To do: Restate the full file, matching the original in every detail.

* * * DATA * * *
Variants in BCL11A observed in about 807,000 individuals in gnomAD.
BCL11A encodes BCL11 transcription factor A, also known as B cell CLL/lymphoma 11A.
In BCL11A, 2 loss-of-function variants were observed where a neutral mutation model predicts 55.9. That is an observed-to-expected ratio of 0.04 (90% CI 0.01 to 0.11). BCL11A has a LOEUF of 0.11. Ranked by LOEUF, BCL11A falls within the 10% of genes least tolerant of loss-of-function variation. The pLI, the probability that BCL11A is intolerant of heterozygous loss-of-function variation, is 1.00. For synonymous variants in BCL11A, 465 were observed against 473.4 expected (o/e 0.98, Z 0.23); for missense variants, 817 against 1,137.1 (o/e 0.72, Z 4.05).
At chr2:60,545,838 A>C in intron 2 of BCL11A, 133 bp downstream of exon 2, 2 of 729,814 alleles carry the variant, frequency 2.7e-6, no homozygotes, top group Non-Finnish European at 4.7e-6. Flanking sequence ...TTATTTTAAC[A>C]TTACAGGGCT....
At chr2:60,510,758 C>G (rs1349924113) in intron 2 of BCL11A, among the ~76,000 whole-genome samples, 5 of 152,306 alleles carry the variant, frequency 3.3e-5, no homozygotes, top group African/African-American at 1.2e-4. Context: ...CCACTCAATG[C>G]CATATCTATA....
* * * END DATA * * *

Variants in BCL11A observed in about 807,000 individuals in gnomAD.
BCL11A encodes BCL11 transcription factor A, also known as B cell CLL/lymphoma 11A.
In BCL11A, 2 loss-of-function variants were observed where a neutral mutation model predicts 55.9. That is an observed-to-expected ratio of 0.04 (90% CI 0.01 to 0.11). BCL11A has a LOEUF of 0.11. Ranked by LOEUF, BCL11A falls within the 10% of genes least tolerant of loss-of-function variation. The pLI, the probability that BCL11A is intolerant of heterozygous loss-of-function variation, is 1.00. For synonymous variants in BCL11A, 465 were observed against 473.4 expected (o/e 0.98, Z 0.23); for missense variants, 817 against 1,137.1 (o/e 0.72, Z 4.05).
At chr2:60,545,838 A>C in intron 2 of BCL11A, 133 bp downstream of exon 2, 2 of 729,814 alleles carry the variant, frequency 2.7e-6, no homozygotes, top group Non-Finnish European at 4.7e-6. Flanking sequence ...TTATTTTAAC[A>C]TTACAGGGCT....
At chr2:60,510,758 C>G (rs1349924113) in intron 2 of BCL11A, among the ~76,000 whole-genome samples, 5 of 152,306 alleles carry the variant, frequency 3.3e-5, no homozygotes, top group African/African-American at 1.2e-4. Context: ...CCACTCAATG[C>G]CATATCTATA....